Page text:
I came across this sentence in a blog.. "You'll receive no more than 1-2 emails per week, as we hate spam just as much as you. "

While I appreciate the sentiment, i can't help but wonder if they hate me! So here's my question : Is this sentence correct? To me, it seems like it should be "we hate spam just as much as you DO".

In the third person though, there are two different forms, owing to two different words for the subject pronoun and object pronoun (unlike "you")
1."we hate spam just as much as SHE". (girl + bloggers hate spam)
2."we hate spam just as much as HER". (bloggers hate girl + spam)

Since this is not the case with "you", should there absolutely be a "do" at the end of the sentence, or are we supposed to just understand it based on context? Or is "we hate spam just as much as you" the actual right way of conveying that they hate spam, making me completely wrong (and a little paranoid)?

  • Yes, based on context the meaning is pretty clear to native speaker and yes, "we hate spam just as much as we hate you" would be more correct and explicit. Commented Jan 6, 2014 at 9:01
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    I think you are right that they are saying they hate you just as much as they have spam. What a terrible company.
    – virmaior
    Commented Jan 6, 2014 at 9:09
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    @ElendilTheTall So you're saying, having a "do" is not necessary, IF the context is clear. If a certain shady character were saying the same thing, and it were possible for us to derive either meaning, we'd want him to make it more explicit.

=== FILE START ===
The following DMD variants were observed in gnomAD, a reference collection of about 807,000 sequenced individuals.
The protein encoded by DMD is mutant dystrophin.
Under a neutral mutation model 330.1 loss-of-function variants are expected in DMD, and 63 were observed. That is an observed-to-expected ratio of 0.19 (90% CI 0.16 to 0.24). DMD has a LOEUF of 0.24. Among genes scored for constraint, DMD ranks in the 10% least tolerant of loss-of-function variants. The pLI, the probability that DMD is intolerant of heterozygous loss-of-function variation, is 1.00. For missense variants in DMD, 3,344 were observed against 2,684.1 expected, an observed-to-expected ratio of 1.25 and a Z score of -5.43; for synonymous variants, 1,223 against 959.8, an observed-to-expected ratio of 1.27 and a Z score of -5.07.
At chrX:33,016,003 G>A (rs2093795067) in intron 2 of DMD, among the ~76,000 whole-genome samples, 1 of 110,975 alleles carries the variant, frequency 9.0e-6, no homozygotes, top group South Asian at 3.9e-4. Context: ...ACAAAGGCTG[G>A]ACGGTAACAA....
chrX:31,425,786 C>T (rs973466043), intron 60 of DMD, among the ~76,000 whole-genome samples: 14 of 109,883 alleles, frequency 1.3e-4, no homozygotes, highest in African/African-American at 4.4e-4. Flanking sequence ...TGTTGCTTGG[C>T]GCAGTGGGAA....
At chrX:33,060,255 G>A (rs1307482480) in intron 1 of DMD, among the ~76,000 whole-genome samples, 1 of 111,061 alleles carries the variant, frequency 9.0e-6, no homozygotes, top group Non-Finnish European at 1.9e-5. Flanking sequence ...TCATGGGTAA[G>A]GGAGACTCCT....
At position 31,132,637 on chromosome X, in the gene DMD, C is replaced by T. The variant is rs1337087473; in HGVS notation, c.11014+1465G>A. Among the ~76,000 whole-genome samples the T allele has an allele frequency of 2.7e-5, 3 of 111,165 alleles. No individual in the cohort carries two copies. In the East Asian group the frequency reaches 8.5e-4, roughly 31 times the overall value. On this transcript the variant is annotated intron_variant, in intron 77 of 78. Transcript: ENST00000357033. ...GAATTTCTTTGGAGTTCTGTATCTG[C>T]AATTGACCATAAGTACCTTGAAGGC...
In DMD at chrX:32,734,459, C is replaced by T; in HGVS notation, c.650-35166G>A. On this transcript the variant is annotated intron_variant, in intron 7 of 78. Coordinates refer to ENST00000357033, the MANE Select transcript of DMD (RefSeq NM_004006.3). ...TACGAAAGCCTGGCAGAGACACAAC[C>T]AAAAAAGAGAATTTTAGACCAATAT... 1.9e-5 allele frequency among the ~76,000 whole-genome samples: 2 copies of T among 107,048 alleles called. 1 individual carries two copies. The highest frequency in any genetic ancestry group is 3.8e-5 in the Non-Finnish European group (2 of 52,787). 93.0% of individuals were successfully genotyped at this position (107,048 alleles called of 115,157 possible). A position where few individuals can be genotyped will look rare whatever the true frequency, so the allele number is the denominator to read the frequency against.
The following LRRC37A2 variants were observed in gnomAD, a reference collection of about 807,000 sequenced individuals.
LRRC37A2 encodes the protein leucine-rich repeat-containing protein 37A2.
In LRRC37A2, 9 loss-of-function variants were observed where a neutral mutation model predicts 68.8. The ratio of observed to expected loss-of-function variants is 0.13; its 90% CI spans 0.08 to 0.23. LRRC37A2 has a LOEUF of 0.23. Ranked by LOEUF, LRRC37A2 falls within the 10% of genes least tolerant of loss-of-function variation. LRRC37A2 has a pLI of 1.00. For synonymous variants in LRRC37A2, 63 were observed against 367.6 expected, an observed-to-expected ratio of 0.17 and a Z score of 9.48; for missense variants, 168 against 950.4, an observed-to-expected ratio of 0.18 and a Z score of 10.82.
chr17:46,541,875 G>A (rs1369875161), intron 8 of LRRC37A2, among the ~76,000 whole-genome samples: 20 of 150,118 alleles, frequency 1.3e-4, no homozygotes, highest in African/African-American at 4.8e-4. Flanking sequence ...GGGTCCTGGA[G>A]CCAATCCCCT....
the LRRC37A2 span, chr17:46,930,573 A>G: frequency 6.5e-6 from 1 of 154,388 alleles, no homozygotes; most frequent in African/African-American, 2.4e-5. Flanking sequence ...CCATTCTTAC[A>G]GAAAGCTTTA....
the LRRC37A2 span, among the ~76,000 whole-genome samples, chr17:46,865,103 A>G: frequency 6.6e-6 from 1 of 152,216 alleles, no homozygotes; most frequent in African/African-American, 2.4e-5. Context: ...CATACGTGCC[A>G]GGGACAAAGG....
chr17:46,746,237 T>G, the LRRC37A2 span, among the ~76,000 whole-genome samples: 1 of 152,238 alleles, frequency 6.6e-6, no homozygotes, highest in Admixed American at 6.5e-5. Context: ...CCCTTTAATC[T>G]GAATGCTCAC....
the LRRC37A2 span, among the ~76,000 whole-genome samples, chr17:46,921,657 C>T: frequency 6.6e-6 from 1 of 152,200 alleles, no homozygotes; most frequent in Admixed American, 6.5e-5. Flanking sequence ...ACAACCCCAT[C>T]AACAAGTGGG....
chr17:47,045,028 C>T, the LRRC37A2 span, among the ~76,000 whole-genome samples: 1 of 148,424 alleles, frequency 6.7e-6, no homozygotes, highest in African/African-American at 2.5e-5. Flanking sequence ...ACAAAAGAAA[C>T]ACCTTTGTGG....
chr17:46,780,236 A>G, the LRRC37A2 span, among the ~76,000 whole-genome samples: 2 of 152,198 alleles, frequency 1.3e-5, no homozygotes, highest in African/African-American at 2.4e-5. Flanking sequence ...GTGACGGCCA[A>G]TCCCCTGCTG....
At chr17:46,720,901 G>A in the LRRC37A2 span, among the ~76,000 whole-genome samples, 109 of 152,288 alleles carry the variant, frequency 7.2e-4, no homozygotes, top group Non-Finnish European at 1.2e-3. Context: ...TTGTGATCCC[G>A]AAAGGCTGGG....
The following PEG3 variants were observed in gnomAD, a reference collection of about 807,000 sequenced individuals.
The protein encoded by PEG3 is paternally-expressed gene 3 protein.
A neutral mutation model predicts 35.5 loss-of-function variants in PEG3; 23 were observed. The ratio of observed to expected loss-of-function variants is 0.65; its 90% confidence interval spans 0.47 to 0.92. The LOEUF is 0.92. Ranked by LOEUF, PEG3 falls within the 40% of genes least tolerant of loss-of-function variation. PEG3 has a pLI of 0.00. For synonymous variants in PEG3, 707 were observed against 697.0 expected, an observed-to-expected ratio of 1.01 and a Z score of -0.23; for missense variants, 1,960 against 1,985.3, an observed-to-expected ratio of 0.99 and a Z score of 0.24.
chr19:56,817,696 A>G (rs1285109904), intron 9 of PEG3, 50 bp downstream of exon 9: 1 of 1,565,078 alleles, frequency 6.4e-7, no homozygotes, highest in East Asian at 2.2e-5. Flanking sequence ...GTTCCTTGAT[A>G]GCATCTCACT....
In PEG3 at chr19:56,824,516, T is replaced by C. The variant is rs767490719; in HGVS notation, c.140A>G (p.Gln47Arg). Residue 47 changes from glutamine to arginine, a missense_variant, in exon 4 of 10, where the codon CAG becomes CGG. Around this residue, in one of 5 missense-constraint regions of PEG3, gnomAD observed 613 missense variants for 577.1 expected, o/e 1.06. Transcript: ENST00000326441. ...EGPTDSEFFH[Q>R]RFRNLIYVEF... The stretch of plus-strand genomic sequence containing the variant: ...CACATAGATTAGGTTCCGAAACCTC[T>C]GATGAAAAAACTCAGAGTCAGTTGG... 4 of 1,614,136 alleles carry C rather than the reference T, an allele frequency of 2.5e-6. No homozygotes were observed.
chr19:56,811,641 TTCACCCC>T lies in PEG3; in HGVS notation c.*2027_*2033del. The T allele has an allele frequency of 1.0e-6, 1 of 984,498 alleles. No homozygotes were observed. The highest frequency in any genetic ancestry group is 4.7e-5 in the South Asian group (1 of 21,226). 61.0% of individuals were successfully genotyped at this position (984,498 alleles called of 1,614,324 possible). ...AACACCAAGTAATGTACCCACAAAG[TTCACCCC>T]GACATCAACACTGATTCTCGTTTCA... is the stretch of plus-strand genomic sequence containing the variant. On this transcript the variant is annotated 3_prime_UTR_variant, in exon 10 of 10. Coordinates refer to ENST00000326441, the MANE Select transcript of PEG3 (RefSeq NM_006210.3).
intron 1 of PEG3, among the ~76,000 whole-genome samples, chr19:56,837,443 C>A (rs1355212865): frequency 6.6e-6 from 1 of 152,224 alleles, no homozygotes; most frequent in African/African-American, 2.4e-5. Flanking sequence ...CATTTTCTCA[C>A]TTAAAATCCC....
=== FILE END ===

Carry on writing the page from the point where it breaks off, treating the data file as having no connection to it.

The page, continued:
– insanity
    Commented Jan 6, 2014 at 9:36
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    Yes. But you could say that about any ambiguous statement :) Commented Jan 6, 2014 at 9:38
  • Grammatically speaking the do is required. However, it is so common and better-sounding to drop the do so as not to appear overly-academic. It works in informal and semi-formal writing, including e-mail and routine business correspondence. No need to worry, or you may be thought to be pedantic.
    – Kris
    Commented Jan 6, 2014 at 11:26

2 Answers 2


The three rules of writing for the web, in order of priority, are:

  1. Keep it accessible.
  2. Keep it clear. Never force the reader to stop and think.
  3. Keep it short.

So the question is: did you have to stop and think about whether they hate you or spam? If you did, even for a nano-second, then you do is better, because it clears up the ambiguity (Rule 2). Otherwise, you is better because it's shorter (Rule 3).

As for grammaticality, as much as you and as much as you do are both acceptable.

The rule you cite about writing as much as she rather than as much as her is, to say the least, debatable. It's a holdover from the 18th century fashion for making formal writing sound more like Latin. It may be appropriate to follow this rule in some very formal texts, but not in a blog.


Grammatically speaking, the do is necessary. I disagree that inclusion of the 'do' is academic. It avoids ambiguity, and is good grammar (which is important if your / the email's audience includes people who would care about such things). Without the 'do', the sentence would be deemed 'colloquial'.

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    I don't think that's true. There's no requirement to restate the verb in comparisons. Compare "Bob's as tall as Ada" "I ate more than Maria", "My elephant's bigger than yours" These are in no way ungrammatical. They are clunky the other way round: "Bob's as tall as Ada is", "I ate more than Maria ate", "My elephants bigger than yours is". Even in formal writing... compare "The FTSE has consistently fared better than the Dow Jones" versus "The FTSE has consistently fared better than the Dow Jones has" Commented Jul 12, 2014 at 20:08

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